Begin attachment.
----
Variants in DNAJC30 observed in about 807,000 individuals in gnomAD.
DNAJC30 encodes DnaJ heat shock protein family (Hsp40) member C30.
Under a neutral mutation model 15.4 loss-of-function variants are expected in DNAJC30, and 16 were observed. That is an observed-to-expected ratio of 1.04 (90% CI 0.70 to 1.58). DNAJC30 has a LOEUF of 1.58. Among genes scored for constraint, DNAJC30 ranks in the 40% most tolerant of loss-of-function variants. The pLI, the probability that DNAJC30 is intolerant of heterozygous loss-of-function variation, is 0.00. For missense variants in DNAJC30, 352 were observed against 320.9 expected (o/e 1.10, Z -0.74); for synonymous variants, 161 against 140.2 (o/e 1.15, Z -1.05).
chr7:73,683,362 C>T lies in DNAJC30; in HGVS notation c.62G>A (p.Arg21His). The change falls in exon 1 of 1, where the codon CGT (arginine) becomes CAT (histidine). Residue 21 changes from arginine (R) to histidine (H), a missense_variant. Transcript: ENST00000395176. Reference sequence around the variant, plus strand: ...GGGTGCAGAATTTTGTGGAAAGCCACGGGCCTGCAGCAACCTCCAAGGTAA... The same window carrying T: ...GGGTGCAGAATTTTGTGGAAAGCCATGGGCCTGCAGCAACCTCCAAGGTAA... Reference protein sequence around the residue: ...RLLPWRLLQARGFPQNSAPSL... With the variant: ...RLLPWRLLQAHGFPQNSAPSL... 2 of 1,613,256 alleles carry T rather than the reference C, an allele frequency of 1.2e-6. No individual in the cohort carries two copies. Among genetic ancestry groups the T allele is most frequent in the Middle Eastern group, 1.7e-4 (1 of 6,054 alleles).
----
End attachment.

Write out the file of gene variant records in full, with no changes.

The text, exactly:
Variants in DNAJC30 observed in about 807,000 individuals in gnomAD.
DNAJC30 encodes DnaJ heat shock protein family (Hsp40) member C30.
Under a neutral mutation model 15.4 loss-of-function variants are expected in DNAJC30, and 16 were observed. That is an observed-to-expected ratio of 1.04 (90% CI 0.70 to 1.58). DNAJC30 has a LOEUF of 1.58. Among genes scored for constraint, DNAJC30 ranks in the 40% most tolerant of loss-of-function variants. The pLI, the probability that DNAJC30 is intolerant of heterozygous loss-of-function variation, is 0.00. For missense variants in DNAJC30, 352 were observed against 320.9 expected (o/e 1.10, Z -0.74); for synonymous variants, 161 against 140.2 (o/e 1.15, Z -1.05).
chr7:73,683,362 C>T lies in DNAJC30; in HGVS notation c.62G>A (p.Arg21His). The change falls in exon 1 of 1, where the codon CGT (arginine) becomes CAT (histidine). Residue 21 changes from arginine (R) to histidine (H), a missense_variant. Transcript: ENST00000395176. Reference sequence around the variant, plus strand: ...GGGTGCAGAATTTTGTGGAAAGCCACGGGCCTGCAGCAACCTCCAAGGTAA... The same window carrying T: ...GGGTGCAGAATTTTGTGGAAAGCCATGGGCCTGCAGCAACCTCCAAGGTAA... Reference protein sequence around the residue: ...RLLPWRLLQARGFPQNSAPSL... With the variant: ...RLLPWRLLQAHGFPQNSAPSL... 2 of 1,613,256 alleles carry T rather than the reference C, an allele frequency of 1.2e-6. No individual in the cohort carries two copies. Among genetic ancestry groups the T allele is most frequent in the Middle Eastern group, 1.7e-4 (1 of 6,054 alleles).